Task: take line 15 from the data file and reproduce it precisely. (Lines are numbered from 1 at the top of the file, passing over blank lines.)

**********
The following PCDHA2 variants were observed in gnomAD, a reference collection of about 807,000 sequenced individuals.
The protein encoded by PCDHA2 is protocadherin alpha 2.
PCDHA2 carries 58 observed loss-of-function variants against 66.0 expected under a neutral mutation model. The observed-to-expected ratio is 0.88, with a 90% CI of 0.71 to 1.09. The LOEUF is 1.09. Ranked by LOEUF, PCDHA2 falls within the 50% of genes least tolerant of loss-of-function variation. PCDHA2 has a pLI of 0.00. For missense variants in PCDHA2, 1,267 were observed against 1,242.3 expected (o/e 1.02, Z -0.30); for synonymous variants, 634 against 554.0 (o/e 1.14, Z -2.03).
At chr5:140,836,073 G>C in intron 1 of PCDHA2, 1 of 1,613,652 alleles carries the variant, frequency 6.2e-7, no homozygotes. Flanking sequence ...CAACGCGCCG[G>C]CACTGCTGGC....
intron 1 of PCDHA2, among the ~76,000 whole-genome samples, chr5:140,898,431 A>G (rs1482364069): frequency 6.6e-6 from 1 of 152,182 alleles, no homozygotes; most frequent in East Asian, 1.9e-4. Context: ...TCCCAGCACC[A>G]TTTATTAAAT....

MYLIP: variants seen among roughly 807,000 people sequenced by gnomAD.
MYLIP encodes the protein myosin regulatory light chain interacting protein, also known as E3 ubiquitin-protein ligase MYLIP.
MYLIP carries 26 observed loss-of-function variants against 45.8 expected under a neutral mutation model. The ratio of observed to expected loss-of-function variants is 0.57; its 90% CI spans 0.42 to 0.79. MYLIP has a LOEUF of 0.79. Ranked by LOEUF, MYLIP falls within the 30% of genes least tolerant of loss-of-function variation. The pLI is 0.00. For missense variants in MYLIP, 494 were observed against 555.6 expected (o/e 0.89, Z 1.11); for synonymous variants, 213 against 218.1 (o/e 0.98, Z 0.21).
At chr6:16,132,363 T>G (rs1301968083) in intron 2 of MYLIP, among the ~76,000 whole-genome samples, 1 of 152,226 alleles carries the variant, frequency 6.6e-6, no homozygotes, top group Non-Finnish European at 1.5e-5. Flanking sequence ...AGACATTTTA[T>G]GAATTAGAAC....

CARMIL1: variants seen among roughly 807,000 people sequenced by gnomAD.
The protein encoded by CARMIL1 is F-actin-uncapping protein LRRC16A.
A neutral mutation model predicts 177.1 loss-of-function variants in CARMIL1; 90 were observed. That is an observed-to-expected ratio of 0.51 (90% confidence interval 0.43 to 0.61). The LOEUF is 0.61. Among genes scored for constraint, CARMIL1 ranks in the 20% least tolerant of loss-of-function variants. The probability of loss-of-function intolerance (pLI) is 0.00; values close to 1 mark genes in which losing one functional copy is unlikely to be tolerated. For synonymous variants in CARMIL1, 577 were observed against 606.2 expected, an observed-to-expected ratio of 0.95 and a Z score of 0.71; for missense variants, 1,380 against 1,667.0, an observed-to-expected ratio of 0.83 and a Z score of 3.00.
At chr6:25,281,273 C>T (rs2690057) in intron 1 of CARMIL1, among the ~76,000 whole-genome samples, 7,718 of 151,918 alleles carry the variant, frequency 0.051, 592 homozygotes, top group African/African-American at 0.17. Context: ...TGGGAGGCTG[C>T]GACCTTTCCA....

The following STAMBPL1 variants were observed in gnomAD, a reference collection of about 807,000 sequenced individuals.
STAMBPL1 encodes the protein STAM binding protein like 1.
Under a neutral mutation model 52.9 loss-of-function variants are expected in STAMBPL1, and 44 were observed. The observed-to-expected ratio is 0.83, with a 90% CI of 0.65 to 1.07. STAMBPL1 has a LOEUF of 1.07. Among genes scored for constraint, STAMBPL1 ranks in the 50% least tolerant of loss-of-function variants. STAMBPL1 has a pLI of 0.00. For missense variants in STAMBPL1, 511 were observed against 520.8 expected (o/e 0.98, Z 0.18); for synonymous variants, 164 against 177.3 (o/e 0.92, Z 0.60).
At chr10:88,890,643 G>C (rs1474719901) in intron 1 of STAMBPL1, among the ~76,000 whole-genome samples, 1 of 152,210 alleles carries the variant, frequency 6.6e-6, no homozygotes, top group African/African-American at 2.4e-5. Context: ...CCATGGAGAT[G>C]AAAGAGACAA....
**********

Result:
STAMBPL1 encodes the protein STAM binding protein like 1.